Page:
Serial murder is the term used to describe the killing of individuals by the same person over the course of time. It is a rare occurrence that has sparked an interest in today’s society. Much research has been done on the biological, sociological, and psychological state of the killers and focus on the reasons and motivation for the homicide. There are a number of scholarly theories on the factors that contribute to making a serial killer. Norris has a theory is that the murderers are suffering from a neurogical disorder caused by head trauma and brain damage from early childhood, causing the aggressive behavior (qtd. in Castle t. and Hensley C. 455). Castle and Hensley mention that mental illness and personality disorders are difficult to detect, however some disorders such as antisocial personality disorder (psychopaths) are linked to many serial murders (457). Kocsis further states that serial killers have a certain type of personality disorder which identifies them as sociopaths (4). Castle and Hensley also describe a theory stating that the military provides their trained servicemen with the mental state of a killer and has helped create over 25 identified American serial killers (459). Many scholars try to apply the learning theory to serial murder. Hale's theory suggests serial murder is a crime that can be learnt (39). This article will be expanding on the Hale's Learning Theory being applied to serial murder.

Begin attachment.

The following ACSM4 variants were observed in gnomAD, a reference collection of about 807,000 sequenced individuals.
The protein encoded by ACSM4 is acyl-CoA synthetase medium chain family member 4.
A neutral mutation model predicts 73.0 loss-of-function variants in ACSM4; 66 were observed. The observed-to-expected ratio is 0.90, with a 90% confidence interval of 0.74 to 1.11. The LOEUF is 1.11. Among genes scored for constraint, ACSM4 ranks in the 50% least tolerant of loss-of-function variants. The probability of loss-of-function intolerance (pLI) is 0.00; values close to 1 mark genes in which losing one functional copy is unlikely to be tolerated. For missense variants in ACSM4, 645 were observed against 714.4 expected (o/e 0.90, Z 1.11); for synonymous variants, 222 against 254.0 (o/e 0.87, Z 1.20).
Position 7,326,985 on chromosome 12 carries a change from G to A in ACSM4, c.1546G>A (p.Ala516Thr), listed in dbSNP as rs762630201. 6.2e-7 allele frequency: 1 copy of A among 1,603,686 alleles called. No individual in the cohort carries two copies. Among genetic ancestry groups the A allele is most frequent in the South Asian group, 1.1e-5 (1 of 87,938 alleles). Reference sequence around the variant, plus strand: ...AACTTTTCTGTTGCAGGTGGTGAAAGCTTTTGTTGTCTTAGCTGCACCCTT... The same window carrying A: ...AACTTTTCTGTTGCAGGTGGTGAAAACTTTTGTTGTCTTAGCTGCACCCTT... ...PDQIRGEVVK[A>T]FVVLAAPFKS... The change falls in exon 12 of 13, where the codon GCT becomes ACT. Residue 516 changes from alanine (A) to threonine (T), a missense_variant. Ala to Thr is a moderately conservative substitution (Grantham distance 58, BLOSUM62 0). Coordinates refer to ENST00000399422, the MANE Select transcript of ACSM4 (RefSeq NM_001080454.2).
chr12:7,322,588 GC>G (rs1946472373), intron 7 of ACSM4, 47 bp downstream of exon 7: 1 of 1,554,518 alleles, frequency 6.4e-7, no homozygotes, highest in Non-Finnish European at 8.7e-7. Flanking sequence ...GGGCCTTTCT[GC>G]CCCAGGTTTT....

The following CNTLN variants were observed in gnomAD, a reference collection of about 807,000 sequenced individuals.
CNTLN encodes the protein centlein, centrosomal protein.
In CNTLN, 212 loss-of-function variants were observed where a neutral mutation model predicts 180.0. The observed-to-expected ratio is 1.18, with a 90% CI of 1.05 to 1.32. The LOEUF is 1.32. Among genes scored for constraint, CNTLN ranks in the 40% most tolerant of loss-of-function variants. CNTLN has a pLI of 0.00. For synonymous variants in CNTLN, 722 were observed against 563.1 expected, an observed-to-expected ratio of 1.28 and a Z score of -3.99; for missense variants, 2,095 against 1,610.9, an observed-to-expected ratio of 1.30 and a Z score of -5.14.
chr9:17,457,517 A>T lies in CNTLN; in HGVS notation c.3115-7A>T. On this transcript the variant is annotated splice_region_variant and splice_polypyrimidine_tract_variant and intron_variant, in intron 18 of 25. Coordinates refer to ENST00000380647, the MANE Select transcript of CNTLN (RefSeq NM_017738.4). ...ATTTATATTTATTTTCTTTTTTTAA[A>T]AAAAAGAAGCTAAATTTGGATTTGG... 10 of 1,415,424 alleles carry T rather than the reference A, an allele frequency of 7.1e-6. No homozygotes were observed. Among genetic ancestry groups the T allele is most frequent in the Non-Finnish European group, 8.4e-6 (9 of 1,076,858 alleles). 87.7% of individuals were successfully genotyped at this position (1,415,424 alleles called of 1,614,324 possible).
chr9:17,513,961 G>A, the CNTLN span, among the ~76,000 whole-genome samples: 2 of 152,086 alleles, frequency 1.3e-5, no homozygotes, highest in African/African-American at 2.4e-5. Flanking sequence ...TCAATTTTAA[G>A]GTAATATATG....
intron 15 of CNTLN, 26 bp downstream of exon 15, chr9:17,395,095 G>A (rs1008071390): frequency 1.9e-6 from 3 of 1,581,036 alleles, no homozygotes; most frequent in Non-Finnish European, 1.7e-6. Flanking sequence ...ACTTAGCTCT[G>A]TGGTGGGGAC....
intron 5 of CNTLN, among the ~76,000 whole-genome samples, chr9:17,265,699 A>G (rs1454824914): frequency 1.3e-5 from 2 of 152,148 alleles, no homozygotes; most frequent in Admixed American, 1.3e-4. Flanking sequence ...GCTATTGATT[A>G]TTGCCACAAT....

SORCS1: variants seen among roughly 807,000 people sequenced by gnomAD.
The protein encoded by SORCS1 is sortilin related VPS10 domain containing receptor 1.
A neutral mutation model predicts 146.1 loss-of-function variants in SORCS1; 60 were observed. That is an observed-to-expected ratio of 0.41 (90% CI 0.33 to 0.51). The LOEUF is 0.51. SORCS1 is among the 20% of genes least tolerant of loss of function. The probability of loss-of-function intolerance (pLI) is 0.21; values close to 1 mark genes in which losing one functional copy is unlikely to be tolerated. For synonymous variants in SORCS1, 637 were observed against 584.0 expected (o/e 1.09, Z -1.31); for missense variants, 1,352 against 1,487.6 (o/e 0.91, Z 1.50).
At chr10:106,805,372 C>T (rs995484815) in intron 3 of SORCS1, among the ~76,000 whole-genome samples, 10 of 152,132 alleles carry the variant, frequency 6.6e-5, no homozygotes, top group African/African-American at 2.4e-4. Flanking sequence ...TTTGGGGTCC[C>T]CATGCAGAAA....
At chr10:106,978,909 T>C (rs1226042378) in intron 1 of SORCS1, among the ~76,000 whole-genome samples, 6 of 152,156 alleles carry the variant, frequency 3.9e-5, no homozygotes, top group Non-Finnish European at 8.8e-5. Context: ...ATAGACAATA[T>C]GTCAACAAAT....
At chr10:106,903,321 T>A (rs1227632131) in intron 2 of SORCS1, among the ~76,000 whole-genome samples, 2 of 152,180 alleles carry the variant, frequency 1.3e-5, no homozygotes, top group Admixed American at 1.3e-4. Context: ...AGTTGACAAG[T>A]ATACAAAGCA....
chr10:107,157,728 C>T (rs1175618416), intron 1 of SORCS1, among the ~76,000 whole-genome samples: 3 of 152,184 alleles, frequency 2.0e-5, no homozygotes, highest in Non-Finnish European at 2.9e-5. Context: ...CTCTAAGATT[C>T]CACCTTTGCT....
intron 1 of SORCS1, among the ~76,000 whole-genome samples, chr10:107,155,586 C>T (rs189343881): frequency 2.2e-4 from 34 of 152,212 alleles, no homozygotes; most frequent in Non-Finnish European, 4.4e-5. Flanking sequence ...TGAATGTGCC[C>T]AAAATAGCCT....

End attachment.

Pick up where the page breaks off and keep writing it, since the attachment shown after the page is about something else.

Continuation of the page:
Serial murder describes three or more separate murders committed sequentially. The murderers often have an emotional cooling-off period between the killings. Hale mentions the five primary elements of serial murder stated by Holmes and DeBurger (38). The first is that a serial murder usually happens on a one-on-one
basis with a few exceptions. Second, there is often no or little relationship between the murderer and the victim. Third and fourth, the motivation of the killer is not usually obvious, however there is always...